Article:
This video of Senator Marco Rubio’s questions to Assistant Secretary of State Arturo Valenzuela is interesting on several levels – the first being that it shows once again that there is no conservative principle that does not fly out the window where Cuba is concerned.
Senator Rubio’s view of the national government is so expansive that he thinks it should be in the business of assuring visitors to Cuba that “nothing bad will happen to them.” Here he presses the State Department:
“Is the Department of State prepared to assure American citizens that if they go to Cuba they will be able to talk to whoever they want, do whatever they want – within the civil law I mean, obviously you can’t violate civil law – but they will be able to talk to anybody they want including someone like Sara Fonseca, they will be able to go there and actually tell people about the outside world, talk to dissidents and that they will not get in trouble? Are we prepared to assure people that if they travel to Cuba nothing bad will happen to them?”
The idea, I guess, is that our government should stop Americans from traveling to countries where visitors do not have complete freedom to do as they please – rather than allow American travelers to make that decision for themselves.
Nanny state, anyone?
Second, he seems to draw a distinction between Cuban laws that visitors should observe without question – “the civil law,” as he puts it – and others that they should not. Which begs the question: If other countries have laws barring unauthorized activity in their territory on behalf of foreign governments, on which side of the line would those laws lie?
Third, he uses Alan Gross’ predicament to argue against expanded travel to Cuba. He starts by asking whether the State Department will issue travel warnings for Cuba.
It turns out that the State Department does provide travel advice for those who go to Cuba. This page from the State Department’s website contains tips on crime and personal security and lots of other information. There’s also a less-than-crystal-clear warning – not for the average traveler, but for those working on U.S. government programs:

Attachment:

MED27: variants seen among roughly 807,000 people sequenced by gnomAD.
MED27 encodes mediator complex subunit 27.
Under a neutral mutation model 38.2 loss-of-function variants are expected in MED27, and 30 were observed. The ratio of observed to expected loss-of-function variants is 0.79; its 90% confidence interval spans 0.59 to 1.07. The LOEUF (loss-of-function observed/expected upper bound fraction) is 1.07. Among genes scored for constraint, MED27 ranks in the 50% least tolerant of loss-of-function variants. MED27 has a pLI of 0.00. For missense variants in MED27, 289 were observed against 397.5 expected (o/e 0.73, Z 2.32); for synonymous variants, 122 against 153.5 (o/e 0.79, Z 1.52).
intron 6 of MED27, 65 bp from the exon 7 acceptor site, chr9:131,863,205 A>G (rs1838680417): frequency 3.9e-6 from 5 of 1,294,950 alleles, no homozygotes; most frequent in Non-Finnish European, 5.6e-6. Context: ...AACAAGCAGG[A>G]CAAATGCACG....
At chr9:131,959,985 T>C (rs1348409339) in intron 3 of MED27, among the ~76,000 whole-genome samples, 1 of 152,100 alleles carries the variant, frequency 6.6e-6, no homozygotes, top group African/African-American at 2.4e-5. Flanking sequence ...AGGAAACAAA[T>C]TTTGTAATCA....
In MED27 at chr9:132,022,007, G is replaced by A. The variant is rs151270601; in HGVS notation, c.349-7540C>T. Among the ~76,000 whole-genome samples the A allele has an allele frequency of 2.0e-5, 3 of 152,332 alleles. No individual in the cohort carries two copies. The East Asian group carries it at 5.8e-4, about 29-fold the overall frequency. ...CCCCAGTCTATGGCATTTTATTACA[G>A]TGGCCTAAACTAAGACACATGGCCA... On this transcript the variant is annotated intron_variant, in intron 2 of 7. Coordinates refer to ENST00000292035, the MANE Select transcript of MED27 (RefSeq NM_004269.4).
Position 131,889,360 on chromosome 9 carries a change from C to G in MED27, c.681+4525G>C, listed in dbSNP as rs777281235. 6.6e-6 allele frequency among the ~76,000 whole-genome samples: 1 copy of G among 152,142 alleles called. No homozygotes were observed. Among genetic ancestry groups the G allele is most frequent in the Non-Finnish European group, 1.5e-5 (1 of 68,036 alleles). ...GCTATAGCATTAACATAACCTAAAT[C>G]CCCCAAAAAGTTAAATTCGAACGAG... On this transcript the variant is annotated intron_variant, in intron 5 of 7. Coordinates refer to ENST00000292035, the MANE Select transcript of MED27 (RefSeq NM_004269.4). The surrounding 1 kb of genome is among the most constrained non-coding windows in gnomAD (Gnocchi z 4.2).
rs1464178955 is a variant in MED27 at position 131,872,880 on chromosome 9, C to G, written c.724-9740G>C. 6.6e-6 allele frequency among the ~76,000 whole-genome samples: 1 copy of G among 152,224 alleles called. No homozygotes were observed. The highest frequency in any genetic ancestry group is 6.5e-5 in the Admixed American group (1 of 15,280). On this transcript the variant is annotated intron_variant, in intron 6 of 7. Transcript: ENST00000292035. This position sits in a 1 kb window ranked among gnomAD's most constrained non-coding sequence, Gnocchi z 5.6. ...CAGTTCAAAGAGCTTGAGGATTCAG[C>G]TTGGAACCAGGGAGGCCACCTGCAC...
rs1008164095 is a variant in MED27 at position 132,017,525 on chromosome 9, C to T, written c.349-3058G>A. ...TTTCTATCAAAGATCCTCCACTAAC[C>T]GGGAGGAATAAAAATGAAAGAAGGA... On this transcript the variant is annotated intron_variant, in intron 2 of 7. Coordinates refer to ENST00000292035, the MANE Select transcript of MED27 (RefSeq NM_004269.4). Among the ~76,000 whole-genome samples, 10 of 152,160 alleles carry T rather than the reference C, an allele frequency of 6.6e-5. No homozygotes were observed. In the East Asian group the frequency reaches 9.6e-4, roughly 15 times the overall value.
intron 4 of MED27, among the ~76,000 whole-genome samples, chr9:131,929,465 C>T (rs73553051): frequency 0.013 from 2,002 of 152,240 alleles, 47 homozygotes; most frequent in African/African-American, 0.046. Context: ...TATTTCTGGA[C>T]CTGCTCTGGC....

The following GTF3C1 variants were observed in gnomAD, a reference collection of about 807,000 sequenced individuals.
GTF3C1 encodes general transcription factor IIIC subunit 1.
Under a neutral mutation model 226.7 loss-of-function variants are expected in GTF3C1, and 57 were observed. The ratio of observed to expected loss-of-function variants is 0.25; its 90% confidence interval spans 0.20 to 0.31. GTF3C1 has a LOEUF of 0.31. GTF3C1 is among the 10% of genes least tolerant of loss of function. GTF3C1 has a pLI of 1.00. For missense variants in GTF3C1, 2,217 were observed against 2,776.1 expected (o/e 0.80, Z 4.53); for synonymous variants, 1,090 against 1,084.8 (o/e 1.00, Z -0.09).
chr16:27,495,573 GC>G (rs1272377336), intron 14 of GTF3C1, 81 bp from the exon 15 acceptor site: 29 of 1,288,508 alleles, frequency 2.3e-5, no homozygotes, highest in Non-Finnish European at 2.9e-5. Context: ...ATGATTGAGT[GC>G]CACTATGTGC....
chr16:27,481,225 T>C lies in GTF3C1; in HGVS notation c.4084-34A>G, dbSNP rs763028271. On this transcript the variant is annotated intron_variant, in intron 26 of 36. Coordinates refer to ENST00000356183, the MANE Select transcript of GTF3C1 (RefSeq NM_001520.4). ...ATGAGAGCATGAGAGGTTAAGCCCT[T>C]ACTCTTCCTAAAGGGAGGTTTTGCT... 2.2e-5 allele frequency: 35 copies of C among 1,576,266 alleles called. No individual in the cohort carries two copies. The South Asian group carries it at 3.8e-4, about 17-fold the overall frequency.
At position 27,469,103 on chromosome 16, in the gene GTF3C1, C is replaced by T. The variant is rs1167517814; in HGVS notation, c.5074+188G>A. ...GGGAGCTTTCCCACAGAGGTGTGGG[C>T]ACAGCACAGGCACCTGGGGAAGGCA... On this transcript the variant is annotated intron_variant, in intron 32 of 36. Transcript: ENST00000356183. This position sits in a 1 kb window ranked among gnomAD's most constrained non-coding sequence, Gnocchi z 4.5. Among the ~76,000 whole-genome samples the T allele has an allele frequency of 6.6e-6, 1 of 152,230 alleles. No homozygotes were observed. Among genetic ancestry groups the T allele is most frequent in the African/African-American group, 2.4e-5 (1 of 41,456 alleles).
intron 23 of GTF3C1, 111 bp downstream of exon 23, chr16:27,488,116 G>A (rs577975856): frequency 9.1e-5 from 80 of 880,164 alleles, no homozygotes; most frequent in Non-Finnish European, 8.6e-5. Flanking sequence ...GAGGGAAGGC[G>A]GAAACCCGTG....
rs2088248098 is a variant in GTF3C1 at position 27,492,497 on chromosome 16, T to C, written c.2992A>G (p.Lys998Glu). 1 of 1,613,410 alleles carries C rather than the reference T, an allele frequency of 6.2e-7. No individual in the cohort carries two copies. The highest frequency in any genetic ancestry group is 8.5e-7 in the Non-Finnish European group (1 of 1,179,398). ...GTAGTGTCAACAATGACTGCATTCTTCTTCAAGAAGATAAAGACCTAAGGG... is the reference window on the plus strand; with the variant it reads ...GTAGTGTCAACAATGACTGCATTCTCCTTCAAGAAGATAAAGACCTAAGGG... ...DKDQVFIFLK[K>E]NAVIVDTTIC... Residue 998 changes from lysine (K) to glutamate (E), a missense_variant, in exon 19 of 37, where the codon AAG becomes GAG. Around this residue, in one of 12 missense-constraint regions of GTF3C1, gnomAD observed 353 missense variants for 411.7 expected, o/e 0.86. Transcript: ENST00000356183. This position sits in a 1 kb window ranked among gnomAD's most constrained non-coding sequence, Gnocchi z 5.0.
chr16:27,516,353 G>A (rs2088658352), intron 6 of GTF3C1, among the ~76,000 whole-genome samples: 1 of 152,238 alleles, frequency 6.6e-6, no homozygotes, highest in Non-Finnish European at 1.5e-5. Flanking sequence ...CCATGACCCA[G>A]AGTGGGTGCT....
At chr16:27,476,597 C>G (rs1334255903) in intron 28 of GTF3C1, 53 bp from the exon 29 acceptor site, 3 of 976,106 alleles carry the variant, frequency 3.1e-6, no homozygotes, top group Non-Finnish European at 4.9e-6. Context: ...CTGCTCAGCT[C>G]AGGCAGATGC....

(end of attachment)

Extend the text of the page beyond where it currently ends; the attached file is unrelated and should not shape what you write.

“Cuba’s Law of Protection of National Independence and the Cuban Economy contains a series of measures intended to discourage some types of contact between foreign nationals and Cuban citizens to prevent and discourage opposition to the Cuban Government.”
That is a reference to a Cuban law against distribution of resources “that come from the United States government, its agencies, subordinates, representatives, functionaries, or private entities” pursuant to the Helms-Burton law, which is where the funds for Mr. Gross’ program are authorized.
As early as 2003, public USAID documents warned “Cuban citizens and Cuban NGOs as well as U.S. individuals and organizations participating in the program” that they are at risk because of that Cuban law.
On top of that, I’m told by a U.S. official that USAID contracts themselves fully incorporate this warning.
The State Department page also has this note:
“Although Cuba issues visas upon arrival to American citizens, all travelers to Cuba, including religious workers, should have the appropriate type of visa and, if required, specific authorization from Cuban authorities.”
So there is a “travel warning” after all.
But what Senator Rubio appears to be doing is to try to make Alan Gross appear to be a regular American traveling in a private capacity, when in fact he was working for the U.S. government.
If you ignore that distinction, then you can argue that President Obama has acted recklessly in permitting more non-tourist travel, as if Americans who travel on their own account are being placed in predictable danger by his new policy.
All of this adds up to another reason for the Senator to meet his own constituents and other Americans right at his home town airport, Concourse G, any day of the week. Plenty of Americans help churches in Cuba without incident. They bring resources to churches, family, and friends, including money and appliances and laptops. They understand the risks and decide on their own what to do.
If you dig into this enough, it is not travel by private Americans that seems reckless, but rather the program that sent Alan Gross to Cuba.